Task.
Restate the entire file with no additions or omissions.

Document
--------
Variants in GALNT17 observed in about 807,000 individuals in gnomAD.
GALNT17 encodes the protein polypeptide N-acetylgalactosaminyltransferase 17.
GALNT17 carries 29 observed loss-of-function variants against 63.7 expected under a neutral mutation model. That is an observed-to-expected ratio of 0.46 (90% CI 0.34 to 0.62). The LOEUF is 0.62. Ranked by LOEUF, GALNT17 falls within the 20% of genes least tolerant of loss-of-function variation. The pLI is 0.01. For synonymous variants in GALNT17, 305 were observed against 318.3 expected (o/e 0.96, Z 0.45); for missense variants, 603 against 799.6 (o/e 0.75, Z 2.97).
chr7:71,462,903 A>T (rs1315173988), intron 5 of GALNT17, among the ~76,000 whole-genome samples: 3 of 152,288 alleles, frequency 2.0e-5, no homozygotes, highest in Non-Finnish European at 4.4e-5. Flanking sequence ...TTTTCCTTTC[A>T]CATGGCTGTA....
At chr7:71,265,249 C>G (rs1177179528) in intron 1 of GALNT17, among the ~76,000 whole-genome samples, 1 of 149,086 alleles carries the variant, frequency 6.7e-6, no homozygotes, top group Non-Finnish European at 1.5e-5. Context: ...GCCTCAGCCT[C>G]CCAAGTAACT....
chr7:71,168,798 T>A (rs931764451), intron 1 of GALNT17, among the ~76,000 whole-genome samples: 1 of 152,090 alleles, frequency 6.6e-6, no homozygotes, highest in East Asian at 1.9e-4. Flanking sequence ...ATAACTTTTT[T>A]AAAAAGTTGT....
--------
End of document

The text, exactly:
Variants in GALNT17 observed in about 807,000 individuals in gnomAD.
GALNT17 encodes the protein polypeptide N-acetylgalactosaminyltransferase 17.
GALNT17 carries 29 observed loss-of-function variants against 63.7 expected under a neutral mutation model. That is an observed-to-expected ratio of 0.46 (90% CI 0.34 to 0.62). The LOEUF is 0.62. Ranked by LOEUF, GALNT17 falls within the 20% of genes least tolerant of loss-of-function variation. The pLI is 0.01. For synonymous variants in GALNT17, 305 were observed against 318.3 expected (o/e 0.96, Z 0.45); for missense variants, 603 against 799.6 (o/e 0.75, Z 2.97).
chr7:71,462,903 A>T (rs1315173988), intron 5 of GALNT17, among the ~76,000 whole-genome samples: 3 of 152,288 alleles, frequency 2.0e-5, no homozygotes, highest in Non-Finnish European at 4.4e-5. Flanking sequence ...TTTTCCTTTC[A>T]CATGGCTGTA....
At chr7:71,265,249 C>G (rs1177179528) in intron 1 of GALNT17, among the ~76,000 whole-genome samples, 1 of 149,086 alleles carries the variant, frequency 6.7e-6, no homozygotes, top group Non-Finnish European at 1.5e-5. Context: ...GCCTCAGCCT[C>G]CCAAGTAACT....
chr7:71,168,798 T>A (rs931764451), intron 1 of GALNT17, among the ~76,000 whole-genome samples: 1 of 152,090 alleles, frequency 6.6e-6, no homozygotes, highest in East Asian at 1.9e-4. Flanking sequence ...ATAACTTTTT[T>A]AAAAAGTTGT....